Published: December 1999

Current Evidence - No Link Between Vaccination and Type 1 Diabetes Mellitus

Prescriber Update 19: 25-27
December 1999

Medsafe Editorial Team

On the basis of a postulated infectious mechanism for the development of type 1 (insulin dependent) diabetes mellitus, several studies have investigated the possibility of an association with vaccination.  To date support has not been obtained for associations between type 1 diabetes mellitus and BCG, MMR, pertussis or Haemophilus influenzae type b vaccines.

Postulated autoimmune mechanism for suggested link with vaccines

Several researchers have postulated that type 1 (insulin dependent) diabetes mellitus may develop secondary to an abnormal immune response to some viral infections. The possibility that childhood vaccination may also be associated either negatively or positively has also been considered. The steady increase in the incidence of type 1 diabetes mellitus in children in several countries1,2 has lent some credence to the possibility of a positive association. Studies in diabetic mice have found that Bacille Calmette-Guérin (BCG) vaccine has interrupted the development of diabetes mellitus.3 However, most studies in humans published to date have not supported the postulated negative association with BCG vaccine or the positive association with other vaccines, but rather have found evidence for no association.

No difference in rate of BCG vaccination between cases and controls

Classen and Classen4 studied the incidence of diabetes and the immunisation schedule in a number of developed countries and found that the countries with the lowest rates of diabetes were those with pertussis vaccine in the vaccination programme and in which infants received BCG vaccine before 2 months of age. However, 2 of the areas where neither pertussis nor BCG were part of the schedule had among the lowest annual incidence rates (Lazio and Lombardi regions of Italy with 6.5 and 6.8 cases/100,000, respectively). Further, the study did not include Finland which has the highest incidence of type 1 diabetes in children under 15 years (35.3/100,000 for 1987-89)5 and where BCG has been given at birth for several decades.1

A study6 conducted in Québec found no difference in the overall rate of BCG vaccination in children with type 1 diabetes mellitus compared with the control group in either of 2 case series. However, in one case series, BCG vaccination did appear to delay the onset of diabetes (12.2 ± 3.5 years for vaccinated compared with 9.2 ± 4.5 years for nonvaccinated) and vaccination at birth reduced the incidence.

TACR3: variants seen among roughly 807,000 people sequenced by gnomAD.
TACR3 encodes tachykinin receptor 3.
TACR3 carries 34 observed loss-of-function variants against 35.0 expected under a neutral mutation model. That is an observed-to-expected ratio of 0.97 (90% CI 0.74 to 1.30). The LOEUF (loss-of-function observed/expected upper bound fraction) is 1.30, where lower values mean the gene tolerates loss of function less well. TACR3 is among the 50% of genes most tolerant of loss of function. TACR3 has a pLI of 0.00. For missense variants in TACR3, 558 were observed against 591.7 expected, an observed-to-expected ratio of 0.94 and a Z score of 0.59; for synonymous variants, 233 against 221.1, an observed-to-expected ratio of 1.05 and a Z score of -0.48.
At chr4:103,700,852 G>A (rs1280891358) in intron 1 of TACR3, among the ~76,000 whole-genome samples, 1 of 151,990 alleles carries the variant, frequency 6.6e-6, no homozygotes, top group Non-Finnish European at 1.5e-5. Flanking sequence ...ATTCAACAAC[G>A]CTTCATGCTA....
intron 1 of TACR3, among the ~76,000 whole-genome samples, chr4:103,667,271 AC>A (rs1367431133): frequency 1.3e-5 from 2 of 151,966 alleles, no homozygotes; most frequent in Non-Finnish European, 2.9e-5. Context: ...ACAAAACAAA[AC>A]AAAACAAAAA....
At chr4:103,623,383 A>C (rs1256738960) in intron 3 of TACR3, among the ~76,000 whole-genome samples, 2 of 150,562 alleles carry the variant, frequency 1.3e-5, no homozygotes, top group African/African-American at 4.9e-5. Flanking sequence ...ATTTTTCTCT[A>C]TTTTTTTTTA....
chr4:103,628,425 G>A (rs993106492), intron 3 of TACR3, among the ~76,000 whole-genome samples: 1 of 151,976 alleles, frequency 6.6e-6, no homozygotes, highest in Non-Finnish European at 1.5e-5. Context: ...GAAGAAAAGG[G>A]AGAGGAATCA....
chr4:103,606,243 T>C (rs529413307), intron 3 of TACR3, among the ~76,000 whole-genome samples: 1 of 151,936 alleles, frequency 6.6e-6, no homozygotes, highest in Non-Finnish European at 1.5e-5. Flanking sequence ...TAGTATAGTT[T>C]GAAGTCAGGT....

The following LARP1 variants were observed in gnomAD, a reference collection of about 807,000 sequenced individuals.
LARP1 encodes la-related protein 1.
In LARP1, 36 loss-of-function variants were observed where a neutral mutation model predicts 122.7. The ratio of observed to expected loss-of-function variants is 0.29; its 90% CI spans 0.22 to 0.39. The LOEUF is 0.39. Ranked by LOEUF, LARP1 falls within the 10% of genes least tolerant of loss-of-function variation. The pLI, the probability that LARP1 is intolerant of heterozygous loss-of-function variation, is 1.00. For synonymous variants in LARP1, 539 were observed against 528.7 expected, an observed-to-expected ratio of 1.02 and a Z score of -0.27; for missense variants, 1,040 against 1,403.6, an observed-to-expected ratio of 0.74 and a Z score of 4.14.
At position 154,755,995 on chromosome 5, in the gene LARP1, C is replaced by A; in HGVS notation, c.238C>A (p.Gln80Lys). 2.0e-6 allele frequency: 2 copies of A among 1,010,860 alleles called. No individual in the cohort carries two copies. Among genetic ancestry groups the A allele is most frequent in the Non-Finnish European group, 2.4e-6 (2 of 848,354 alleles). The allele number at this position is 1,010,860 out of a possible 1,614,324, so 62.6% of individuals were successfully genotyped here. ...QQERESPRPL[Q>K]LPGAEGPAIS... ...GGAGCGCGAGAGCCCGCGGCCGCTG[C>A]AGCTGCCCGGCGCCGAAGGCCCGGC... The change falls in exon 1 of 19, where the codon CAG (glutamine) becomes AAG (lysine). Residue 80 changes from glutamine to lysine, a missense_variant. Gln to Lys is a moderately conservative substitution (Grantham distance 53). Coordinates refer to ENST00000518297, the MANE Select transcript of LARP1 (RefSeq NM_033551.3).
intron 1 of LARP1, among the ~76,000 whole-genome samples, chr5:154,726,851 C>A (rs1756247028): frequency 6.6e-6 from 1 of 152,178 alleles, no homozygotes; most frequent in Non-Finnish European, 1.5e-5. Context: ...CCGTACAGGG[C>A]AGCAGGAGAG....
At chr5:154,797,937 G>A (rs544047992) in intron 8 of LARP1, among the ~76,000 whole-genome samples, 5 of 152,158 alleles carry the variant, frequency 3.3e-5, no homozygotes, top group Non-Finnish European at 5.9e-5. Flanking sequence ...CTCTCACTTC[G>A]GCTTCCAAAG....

No association with MMR, pertussis or H. Influenzae type b

Other studies have not found an association between childhood diabetes and measles, mumps and rubella (MMR),7 pertussis,8 or Haemophilus influenzae type b9 vaccines. In the study of MMR vaccine, IgG class mumps antibodies were lower in the case group with diabetes than in the controls, but the significance of this difference in antibody levels was unknown. One study10 observed a protective effect from measles vaccination and an increase in risk of type 1 diabetes with increasing load of infections.

A review by the Cochrane Collaboration Vaccines Field5 concluded that "the papers that explored the relation between vaccination and type 1 diabetes mellitus either did not find evidence of the causal link or found evidence against such a link." Another recent review3 was in support of this conclusion. Further studies investigating this possible association are currently being conducted.11

  1. Gardner SG, Bingley PJ, Sawtell PA, et al. Rising incidence of insulin dependent diabetes in children aged under 5 years in the Oxford region: time trend analysis. BMJ 1997;315:713-7.
  2. Dokheel TM, for the Pittsburgh Diabetes Epidemiology Research Group. An epidemic of childhood diabetes in the United States? Diabetes Care 1993;16:1606-11.
  3. Hiltunen M, Lönnrot M, Hyöty H. Immunisation and type 1 diabetes mellitus. Drug Safety 1999;20:207-12.
  4. Classen DC, Classen JB. The timing of pediatric immunisation and the risk of insulin-dependent diabetes mellitus. Infectious Dis Clin Practice 1997;6:449-54.
  5. Jefferson T, Demicheli V. No evidence that vaccines cause insulin dependent diabetes mellitus. J Epidemiol Community Health 1998;52:674-5.
  6. Parent M-E, Siemiatycki J, Menzies R. Bacille Calmette-Guérin vaccination and incidence of IDDM in Montreal, Canada. Diabetes Care 1997;20:767-72.
  7. Hyöty H, Hiltunen M, Reunanen A, et al. Decline of mumps antibodies in Type 1 (insulin-dependent) diabetic children and a plateau in the rising incidence of Type 1 diabetes after introduction of the mumps-measles-rubella vaccine in Finland. Diabetologia 1993;36:1303-8.
  8. Heijbel H, Chen RT, Dahlquist G. Cumulative incidence of childhood-onset IDDM is unaffected by pertussis immunization. Diabetes Care 1997;20:173-5.
  9. Karvonen M, Cepaitis Z, Tuomiehto J. Association between type 1 diabetes and Haemophilus influenzae type b vaccination: birth cohort study. BMJ 1999;318:1169-72.
  10. Blom L, Nyström L, Dahlquist G. The Swedish childhood diabetes study. Diabetologia 1991;34:176-81.
  11. T Jefferson. Vaccination and its adverse effects: real or perceived. BMJ 1998;317:159-60.